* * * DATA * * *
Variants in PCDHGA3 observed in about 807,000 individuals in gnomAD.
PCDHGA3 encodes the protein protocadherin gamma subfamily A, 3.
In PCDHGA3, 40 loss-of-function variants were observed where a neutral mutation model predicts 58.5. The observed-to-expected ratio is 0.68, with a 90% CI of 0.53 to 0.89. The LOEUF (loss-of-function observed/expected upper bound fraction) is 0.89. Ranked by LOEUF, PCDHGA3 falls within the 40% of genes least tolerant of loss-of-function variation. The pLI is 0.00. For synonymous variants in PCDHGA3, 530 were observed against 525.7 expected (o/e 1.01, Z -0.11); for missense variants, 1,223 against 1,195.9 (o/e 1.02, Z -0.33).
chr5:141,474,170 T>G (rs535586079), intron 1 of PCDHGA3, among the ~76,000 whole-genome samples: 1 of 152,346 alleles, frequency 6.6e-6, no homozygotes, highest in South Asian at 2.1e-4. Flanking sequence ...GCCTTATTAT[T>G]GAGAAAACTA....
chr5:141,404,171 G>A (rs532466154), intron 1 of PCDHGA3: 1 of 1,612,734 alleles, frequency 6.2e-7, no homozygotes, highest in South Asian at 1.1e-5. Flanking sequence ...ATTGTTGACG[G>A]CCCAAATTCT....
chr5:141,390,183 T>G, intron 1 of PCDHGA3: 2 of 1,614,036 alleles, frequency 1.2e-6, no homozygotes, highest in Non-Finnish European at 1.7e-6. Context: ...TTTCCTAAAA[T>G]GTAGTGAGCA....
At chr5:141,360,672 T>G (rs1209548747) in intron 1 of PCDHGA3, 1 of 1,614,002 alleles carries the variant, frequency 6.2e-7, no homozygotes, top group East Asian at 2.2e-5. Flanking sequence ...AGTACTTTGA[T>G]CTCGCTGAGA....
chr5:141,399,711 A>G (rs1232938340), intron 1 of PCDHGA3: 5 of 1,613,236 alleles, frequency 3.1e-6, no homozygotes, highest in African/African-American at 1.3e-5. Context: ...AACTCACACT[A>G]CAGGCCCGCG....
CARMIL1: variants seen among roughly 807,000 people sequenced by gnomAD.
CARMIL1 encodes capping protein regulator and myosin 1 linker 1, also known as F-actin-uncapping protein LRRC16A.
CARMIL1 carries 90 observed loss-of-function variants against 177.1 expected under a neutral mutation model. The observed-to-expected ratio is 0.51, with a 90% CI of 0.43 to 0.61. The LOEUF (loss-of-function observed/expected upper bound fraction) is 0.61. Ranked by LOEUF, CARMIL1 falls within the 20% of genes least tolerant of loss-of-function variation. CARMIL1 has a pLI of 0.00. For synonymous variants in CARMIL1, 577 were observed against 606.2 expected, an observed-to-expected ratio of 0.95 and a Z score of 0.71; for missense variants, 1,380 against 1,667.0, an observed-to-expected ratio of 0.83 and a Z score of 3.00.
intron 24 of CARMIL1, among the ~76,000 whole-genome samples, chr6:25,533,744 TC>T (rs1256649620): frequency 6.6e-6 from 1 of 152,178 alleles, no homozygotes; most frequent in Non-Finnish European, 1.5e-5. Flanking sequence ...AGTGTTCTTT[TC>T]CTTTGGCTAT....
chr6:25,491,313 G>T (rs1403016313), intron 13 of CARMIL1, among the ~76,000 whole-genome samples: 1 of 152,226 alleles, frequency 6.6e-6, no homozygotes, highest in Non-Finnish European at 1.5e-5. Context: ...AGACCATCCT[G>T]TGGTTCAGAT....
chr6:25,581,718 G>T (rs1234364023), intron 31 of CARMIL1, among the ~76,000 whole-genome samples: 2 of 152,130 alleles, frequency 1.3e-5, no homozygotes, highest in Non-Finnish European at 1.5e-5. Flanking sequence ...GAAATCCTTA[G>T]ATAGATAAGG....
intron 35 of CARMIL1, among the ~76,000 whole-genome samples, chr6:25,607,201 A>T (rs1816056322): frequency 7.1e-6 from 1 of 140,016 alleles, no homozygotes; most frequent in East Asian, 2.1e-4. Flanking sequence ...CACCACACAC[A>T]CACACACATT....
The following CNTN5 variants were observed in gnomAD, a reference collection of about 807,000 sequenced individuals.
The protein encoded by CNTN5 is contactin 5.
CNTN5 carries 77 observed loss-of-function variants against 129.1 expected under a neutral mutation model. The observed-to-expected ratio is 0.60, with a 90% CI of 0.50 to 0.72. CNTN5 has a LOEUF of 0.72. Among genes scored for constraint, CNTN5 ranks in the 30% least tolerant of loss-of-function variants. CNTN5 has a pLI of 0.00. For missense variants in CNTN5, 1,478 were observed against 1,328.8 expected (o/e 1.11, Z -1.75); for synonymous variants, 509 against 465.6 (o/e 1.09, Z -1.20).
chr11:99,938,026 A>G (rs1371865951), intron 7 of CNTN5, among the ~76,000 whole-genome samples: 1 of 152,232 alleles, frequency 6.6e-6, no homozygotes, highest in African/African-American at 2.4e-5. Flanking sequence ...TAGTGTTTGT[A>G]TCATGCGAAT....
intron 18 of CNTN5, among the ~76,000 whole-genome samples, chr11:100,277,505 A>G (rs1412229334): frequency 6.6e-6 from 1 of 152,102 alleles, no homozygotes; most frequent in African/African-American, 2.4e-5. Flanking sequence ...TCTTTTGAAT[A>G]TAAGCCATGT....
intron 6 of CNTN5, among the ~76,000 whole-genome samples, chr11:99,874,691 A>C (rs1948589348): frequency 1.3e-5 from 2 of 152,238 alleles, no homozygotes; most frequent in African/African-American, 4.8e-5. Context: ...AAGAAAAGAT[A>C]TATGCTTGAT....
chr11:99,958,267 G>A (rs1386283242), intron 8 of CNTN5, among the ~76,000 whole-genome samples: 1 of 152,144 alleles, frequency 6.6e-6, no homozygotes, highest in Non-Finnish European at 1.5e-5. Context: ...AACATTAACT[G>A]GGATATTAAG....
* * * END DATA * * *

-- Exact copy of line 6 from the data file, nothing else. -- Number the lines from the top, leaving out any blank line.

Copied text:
chr5:141,390,183 T>G, intron 1 of PCDHGA3: 2 of 1,614,036 alleles, frequency 1.2e-6, no homozygotes, highest in Non-Finnish European at 1.7e-6. Context: ...TTTCCTAAAA[T>G]GTAGTGAGCA....